It is difficult sometimes to imagine a genuinely play-friendly world, where children could run and explore as they chose, where thoughtfully placed elements would inspire everyone – regardless of age – to pause and imagine. It is easy to forget how even small environmental changes can amaze a child and enable rich and profound play.
One of my most vivid childhood memories is of a place near my home, a long thin patch of scrub grass and brambles that ran alongside the pavement. I’d been there before, no doubt passing it with my Mum on the way to something else, but one day something unprecedented had happened. A door had appeared.
It was a perfect door, brightly painted with a shiny round knob that turned in both directions. It swung upen and clunked shut, fitting exactly within its frame, but that frame stood free and alone as if it had grown complete out of the earth. Nothing around it and nothing on either side, this door fascinated me. Opening and closing it before – with no small trepidation, because what was this if not strange magic? – walking through it, I played with the door in a very serious way. Play can be solemn; we forget this too.
I don’t remember how long I played there, whether it was one afternoon that stands sunny and years-long in my recollection or on many occasions over a period of months, but that door came back to me when I finally visited one of the Liminal play spaces designed by Penny Wilson and scattered through Mile End Park. It is one of three, each unique, and more information on them and on Penny’s definitions of liminality in play can be found here.
It is ambiguously signposted, and best found by accident. The most visible part is the swinging gate which moves in a slow arc and is strong enough to carry even very large ‘children’.
It’s difficult to appreciate how strange this place feels without having seen the local context – it is to one side of a large and vividly sponsored outdoor gym equipment complex, and between a busy road and a canal. Yet it manages to feel like another world entirely, a much older world which invites lingering, experimentation and conversation. It somehow telescopes time and perspective, and beautifully illustrates Penny’s idea of “the space as a player, (luring) the child into play with a series of artifacts which act as play cues. These artifacts will contain references to entering and leaving the spaces, or will mirror an overlooked or unexpected aspect of the spaces, literally in some instances”.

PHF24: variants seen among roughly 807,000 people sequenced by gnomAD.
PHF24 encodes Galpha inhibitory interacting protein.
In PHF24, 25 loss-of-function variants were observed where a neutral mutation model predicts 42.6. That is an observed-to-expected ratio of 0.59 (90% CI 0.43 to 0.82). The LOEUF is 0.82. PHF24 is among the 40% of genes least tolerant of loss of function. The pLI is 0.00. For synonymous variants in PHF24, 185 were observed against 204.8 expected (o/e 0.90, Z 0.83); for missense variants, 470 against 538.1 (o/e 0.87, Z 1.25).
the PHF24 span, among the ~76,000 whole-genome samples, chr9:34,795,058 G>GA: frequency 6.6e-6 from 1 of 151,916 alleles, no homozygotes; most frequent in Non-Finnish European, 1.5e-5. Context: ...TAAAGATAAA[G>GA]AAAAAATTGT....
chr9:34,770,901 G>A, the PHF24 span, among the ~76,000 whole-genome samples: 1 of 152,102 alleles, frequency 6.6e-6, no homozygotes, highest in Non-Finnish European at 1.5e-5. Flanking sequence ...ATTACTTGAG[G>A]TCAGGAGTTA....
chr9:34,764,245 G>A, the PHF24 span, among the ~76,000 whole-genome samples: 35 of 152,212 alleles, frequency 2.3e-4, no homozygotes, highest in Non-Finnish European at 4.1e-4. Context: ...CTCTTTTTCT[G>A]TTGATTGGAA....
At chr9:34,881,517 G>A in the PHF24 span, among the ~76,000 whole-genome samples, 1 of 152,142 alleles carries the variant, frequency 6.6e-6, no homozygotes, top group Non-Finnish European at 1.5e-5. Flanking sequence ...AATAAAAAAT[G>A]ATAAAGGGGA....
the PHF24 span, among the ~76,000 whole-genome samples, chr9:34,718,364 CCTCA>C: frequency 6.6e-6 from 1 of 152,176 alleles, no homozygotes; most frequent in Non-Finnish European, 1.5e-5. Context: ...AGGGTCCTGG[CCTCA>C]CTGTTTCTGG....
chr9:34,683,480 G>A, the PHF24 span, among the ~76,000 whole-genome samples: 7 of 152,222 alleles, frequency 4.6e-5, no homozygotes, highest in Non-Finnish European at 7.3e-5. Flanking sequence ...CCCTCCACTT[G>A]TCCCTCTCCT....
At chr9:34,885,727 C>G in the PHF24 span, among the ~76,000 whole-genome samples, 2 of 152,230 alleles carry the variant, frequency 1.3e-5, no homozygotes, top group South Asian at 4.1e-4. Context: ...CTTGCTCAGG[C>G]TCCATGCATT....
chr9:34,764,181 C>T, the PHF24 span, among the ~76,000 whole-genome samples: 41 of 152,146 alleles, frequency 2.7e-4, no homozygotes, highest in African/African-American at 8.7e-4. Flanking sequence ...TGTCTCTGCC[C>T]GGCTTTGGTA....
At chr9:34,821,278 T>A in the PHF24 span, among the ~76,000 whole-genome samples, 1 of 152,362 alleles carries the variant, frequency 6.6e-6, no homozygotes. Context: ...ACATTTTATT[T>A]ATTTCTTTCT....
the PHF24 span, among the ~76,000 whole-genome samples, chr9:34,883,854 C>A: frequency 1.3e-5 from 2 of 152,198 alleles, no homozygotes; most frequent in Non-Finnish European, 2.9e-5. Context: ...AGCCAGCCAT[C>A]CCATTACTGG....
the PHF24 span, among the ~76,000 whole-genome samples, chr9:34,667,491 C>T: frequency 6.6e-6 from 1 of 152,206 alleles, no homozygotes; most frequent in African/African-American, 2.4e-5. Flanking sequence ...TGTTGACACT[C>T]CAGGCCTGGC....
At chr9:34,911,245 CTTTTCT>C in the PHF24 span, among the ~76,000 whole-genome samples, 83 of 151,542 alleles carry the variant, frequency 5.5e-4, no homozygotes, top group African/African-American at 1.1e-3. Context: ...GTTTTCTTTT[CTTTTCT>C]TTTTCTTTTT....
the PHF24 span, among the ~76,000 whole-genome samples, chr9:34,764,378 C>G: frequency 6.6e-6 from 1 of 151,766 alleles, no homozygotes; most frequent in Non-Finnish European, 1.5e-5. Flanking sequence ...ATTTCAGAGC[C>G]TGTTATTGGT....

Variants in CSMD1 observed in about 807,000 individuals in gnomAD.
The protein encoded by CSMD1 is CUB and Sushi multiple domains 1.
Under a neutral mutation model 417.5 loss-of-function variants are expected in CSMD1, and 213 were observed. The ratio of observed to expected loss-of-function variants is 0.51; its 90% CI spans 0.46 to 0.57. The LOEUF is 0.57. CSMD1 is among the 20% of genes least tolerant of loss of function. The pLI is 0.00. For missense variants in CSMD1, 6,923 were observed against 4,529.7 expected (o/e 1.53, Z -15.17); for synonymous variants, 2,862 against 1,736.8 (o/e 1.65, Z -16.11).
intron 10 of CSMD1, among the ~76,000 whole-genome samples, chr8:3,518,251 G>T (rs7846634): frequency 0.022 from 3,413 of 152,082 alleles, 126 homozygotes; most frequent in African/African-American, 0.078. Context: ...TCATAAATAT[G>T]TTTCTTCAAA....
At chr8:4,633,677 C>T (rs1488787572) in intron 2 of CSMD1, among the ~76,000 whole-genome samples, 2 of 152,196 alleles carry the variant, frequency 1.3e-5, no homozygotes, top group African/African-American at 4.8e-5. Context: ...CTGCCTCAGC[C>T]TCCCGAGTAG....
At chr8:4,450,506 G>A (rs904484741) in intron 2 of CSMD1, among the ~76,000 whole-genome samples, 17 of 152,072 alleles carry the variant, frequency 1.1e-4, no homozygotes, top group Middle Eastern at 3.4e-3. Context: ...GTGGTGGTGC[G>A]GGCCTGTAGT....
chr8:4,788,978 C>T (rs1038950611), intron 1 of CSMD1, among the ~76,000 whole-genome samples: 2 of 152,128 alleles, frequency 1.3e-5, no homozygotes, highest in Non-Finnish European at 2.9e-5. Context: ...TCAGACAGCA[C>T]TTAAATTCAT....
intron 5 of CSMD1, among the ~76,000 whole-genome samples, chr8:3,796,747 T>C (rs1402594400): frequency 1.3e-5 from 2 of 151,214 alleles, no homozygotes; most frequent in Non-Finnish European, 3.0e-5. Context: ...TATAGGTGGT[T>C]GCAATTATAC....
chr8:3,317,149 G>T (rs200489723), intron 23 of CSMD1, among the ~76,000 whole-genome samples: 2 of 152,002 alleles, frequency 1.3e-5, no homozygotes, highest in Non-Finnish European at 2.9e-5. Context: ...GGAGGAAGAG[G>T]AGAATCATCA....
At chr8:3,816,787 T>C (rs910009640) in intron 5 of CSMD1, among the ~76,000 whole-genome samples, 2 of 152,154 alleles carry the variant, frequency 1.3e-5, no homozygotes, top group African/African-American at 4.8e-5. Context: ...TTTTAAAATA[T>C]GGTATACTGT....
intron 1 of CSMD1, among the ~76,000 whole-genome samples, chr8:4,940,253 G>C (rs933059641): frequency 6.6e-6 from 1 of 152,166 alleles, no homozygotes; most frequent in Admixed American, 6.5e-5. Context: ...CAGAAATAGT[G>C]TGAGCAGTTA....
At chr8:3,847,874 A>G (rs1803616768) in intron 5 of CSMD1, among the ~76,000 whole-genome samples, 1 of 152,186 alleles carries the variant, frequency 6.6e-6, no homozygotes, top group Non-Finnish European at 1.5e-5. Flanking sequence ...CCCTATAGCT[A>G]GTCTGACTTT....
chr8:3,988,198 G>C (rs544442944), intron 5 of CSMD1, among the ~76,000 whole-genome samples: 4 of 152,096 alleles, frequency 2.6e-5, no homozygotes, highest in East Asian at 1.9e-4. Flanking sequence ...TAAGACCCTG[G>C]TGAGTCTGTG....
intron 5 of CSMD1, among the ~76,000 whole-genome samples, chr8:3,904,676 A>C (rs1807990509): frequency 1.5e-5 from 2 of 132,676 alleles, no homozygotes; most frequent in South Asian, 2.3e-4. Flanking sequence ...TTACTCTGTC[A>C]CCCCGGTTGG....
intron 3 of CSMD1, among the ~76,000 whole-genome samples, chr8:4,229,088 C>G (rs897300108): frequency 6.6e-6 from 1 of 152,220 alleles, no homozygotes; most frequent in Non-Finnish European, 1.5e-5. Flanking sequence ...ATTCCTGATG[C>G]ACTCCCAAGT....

There is a ‘campfire’ area, half-screened by the thick trees which form a complete canopy overhead. Instead of a fire is a round mirror, showing the trees above and the elongated curious faces of visitors all stretching towards the centre.
This mirror seems in oblique conversation with others, some round, some scalloped, which hang from the high branches above the swinging gate. These twist and flash in the breeze, further prompts to curiousity and imagination demonstrating how paltry the commonly held ideas about play really are.
Much of the work behind these places rests on Penny’s understanding of how children play, of their common preferences for peripheral or threshold places which offer games of transition and imagination. These places give children the chance to experiment with the idea of travelling, through time and places real and fictive, through the world and through one’s own self. Journeys and discovery of hidden places, transformation of the self – all of this quickly comes to sound rather mythic. That is rather the point.
By missing these elements out of how we define, discuss and provide for children’s play we are crucially underestimating them and the play they are engaged in. Too often play is seen only as a physical activity, and equipment for play looks like that for the gym. However, play has profound emotional, social, even spiritual depths. It is no more and no less than the exploration of the world, the creation of oneself, and the scripting of life and imagination.